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Counter argument: YES
In ECASS III, Benefits Outweigh Risk
by Christopher Carpenter, MD, MSc
For ischemic stroke care, a practice change did occur in 1995 based upon a single trial of 624 subjects (NINDS). Certainly, practice-changing results need to be verified in heterogeneous patient and practice environments. However, would it truly be ethical to subject 100,000 patients to a study-intervention when a priori power calculations suggest that 320 subjects are sufficient for 95% power as was the case with NINDS? I think not and research ethicists would concur (Howard, Detsky, Schriger). What about asymptomatic and symptomatic ICH? The authors should and do report both rates, but is an asymptomatic ICH truly significant to patients or physicians? Personally, I’d rather have neither, but given the choice of a 30% reduced chance of good functional recovery from an ischemic stroke with an increased risk of a bleed into my brain that I never even know occurred versus poor functional recovery with a fairly high risk of intracranial hemorrhage anyway – I’ll take the risk. In fact a study published in July 2009 re-analyzing the ECASS III data suggests that the NNT and NNH may favor t-PA even more strongly than described above (NNT = 6, NNH = 37) and a separate meta-analysis of all randomized trial data evaluating treatment within the 3- to 4.5-hour window also favors t-PA. The ECASS III authors did change the definition of symptomatic ICH. They also painstakingly reported their results using the definition of symptomatic ICH from ECASS II, SITS-MOST, and NINDS (NNH = 32, 58, 22 respectively) so that readers can determine the impact of this altered definition.
Were a portion of ECASS III recoveries among those who received t-PA simply misdiagnosed TIA’s? Perhaps, but in a randomized controlled trial equal numbers of subjects in the treatment and control group would experience this recovery as long as they were appropriately randomized. If the same proportion of patients in the t-PA and placebo groups experience spontaneous recovery (i.e. not as a result of the t-PA) then the resulting difference cannot be attributed to TIA-related recovery. The NINDS trial reported that 2% of the placebo group had complete resolution of symptoms suggesting that few cases of TIA were mislabeled as a stroke.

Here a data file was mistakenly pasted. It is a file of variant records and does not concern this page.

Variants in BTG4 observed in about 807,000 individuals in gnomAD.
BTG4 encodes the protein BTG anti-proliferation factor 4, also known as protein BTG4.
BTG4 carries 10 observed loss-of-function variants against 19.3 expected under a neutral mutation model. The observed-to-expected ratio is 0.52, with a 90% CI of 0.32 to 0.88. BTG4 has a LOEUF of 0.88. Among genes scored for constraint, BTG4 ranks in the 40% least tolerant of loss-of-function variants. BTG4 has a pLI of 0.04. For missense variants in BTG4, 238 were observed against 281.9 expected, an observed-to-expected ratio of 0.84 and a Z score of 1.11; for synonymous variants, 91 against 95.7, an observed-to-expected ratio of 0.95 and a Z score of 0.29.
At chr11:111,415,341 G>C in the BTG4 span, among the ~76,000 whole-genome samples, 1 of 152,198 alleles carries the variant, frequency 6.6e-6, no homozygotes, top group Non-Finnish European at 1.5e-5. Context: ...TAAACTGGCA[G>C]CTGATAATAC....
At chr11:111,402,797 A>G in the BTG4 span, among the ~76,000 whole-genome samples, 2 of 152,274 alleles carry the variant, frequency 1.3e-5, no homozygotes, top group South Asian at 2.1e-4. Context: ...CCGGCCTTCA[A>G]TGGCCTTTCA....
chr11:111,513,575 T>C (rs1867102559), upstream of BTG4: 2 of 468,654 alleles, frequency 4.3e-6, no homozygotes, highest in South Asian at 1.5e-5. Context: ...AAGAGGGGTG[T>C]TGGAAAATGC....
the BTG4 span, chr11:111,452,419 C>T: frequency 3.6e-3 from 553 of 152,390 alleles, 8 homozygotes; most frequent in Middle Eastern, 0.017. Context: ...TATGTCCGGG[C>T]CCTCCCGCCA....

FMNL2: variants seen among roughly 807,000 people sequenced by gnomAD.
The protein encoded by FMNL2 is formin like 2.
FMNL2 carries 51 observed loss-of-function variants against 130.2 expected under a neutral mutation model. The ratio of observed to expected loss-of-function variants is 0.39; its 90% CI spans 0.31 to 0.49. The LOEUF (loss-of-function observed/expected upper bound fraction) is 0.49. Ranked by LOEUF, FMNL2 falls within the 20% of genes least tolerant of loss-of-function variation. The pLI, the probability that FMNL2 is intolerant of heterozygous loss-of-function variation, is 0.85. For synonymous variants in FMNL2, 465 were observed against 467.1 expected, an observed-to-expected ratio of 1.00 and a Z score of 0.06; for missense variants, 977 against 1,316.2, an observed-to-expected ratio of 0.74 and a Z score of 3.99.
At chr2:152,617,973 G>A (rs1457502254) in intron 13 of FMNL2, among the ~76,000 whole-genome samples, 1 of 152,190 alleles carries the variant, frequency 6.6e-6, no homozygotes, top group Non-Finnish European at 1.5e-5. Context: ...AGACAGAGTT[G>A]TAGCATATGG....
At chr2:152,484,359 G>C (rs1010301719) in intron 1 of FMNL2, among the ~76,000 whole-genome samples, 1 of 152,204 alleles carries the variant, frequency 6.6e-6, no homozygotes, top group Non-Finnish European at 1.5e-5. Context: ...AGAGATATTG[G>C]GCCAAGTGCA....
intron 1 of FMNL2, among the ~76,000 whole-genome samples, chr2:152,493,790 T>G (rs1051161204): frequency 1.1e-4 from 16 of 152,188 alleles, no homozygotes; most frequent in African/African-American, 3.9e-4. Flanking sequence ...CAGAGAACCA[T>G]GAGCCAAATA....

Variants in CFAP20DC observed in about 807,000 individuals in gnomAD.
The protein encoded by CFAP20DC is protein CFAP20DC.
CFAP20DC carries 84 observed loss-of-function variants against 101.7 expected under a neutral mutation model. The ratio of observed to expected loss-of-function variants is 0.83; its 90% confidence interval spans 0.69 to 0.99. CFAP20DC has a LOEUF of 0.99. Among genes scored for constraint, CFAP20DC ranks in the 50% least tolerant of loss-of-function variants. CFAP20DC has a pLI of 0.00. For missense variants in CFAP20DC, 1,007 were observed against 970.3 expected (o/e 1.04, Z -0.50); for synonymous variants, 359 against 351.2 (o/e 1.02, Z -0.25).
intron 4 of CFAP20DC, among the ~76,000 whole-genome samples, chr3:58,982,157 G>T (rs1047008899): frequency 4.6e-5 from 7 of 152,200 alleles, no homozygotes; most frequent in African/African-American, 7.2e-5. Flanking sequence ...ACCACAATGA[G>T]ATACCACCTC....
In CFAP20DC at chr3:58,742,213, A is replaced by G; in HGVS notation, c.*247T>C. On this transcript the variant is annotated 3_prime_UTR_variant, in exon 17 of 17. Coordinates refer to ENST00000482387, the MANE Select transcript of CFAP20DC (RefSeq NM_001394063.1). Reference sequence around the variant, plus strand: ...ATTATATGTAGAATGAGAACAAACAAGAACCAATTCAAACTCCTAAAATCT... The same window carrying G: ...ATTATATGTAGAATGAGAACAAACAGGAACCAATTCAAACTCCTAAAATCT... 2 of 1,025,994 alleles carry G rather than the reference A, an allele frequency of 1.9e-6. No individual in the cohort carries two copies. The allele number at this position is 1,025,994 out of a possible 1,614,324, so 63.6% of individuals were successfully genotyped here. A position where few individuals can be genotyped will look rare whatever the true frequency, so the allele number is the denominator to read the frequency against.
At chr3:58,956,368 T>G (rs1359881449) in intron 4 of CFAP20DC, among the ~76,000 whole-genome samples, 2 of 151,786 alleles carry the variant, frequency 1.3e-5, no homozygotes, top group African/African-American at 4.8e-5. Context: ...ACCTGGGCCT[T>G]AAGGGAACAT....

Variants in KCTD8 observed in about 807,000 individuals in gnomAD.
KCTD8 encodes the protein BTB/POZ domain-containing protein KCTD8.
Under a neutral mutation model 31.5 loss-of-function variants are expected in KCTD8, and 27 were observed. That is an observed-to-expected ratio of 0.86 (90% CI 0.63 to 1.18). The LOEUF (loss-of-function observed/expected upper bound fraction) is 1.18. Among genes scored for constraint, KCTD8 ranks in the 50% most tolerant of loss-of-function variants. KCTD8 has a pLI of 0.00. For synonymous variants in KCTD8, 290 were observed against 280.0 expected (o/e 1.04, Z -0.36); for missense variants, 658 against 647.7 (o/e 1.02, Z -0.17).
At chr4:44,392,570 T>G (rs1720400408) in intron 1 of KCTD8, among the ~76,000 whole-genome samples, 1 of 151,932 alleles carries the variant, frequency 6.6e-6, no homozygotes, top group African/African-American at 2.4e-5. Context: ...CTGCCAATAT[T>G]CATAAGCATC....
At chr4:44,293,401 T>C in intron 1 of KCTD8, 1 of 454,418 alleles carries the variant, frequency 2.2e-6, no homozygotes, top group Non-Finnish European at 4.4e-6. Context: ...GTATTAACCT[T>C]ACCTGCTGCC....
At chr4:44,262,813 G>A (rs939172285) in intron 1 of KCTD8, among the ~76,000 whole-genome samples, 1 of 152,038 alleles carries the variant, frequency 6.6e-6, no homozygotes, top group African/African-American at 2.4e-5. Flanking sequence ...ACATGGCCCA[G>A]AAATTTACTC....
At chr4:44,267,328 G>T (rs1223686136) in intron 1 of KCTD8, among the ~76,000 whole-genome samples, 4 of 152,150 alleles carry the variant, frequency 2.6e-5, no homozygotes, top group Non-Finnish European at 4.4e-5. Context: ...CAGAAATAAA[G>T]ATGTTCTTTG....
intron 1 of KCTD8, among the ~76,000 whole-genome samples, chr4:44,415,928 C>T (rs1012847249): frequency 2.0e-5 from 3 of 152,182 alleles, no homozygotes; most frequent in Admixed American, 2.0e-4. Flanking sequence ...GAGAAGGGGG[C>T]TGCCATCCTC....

Did the negative ATLANTIS trial delay publication for 6-years? In fact, the ATLANTIS trial recruited patients from December 1993 through July 1998 and published their findings in the 3- to 5-hour window group (including 31/613 subjects treated in under 3-hours) in December 1999 not 6-years after the trial completion. While prior studies have failed to demonstrate a significant benefit for thrombolysis in the 3-6 hour window, further analysis of these negative trials consistently suggests a reasonable benefit in the 3-4.5 hour window. The Cleveland experience was one of the negative t-PA trials, but after initiating a stroke quality improvement program they lowered their institutional intracranial hemorrhage rates to those reported in NINDS. Would another Cleveland trial now demonstrate significantly better outcomes in appropriate stroke patients treated with t-PA within 4.5 hours? What about community hospitals lacking an ever-ready stroke team? Even in the absence of an acute stroke team, EPs can and everyday do treat stroke patients with t-PA resulting in rare (7%; 95% CI 3%-12%) misdiagnosis rates or hemorrhagic complications. Furthermore, the Safe Implementation of Thrombolysis in Stroke-Monitoring (SITS-MOST) trial demonstrated that alteplase is efficacious (safe and equally effective) in real-world (non-research community hospital) settings outside the research realm. Strong collaborative relationships between community and academic centers can optimize safe and effective acute stroke management in appropriate patients. Cunningham recently developed an Excel-based decision aid to facilitate risk-benefit discussions with stroke patients and families that includes an outcomes wheel.
In 2009, stroke remains the leading cause of long-term morbidity in the US and the third most common cause of mortality. Lacking effective alternatives, EM providers need to be cognizant but wary of clinical nihilism and skewed prognostication in deciding to accept or reject current research findings and professional society recommendations. Optimally, the ECASS III results will be expeditiously replicated in future studies, but this currently represents the best-evidence by which to treat (otherwise untreatable) ischemic strokes and ought to be discussed with patients and families in conjunction with a local neurological emergencies protocol.
Christopher Carpenter is EPM’s Chief Clinical Editor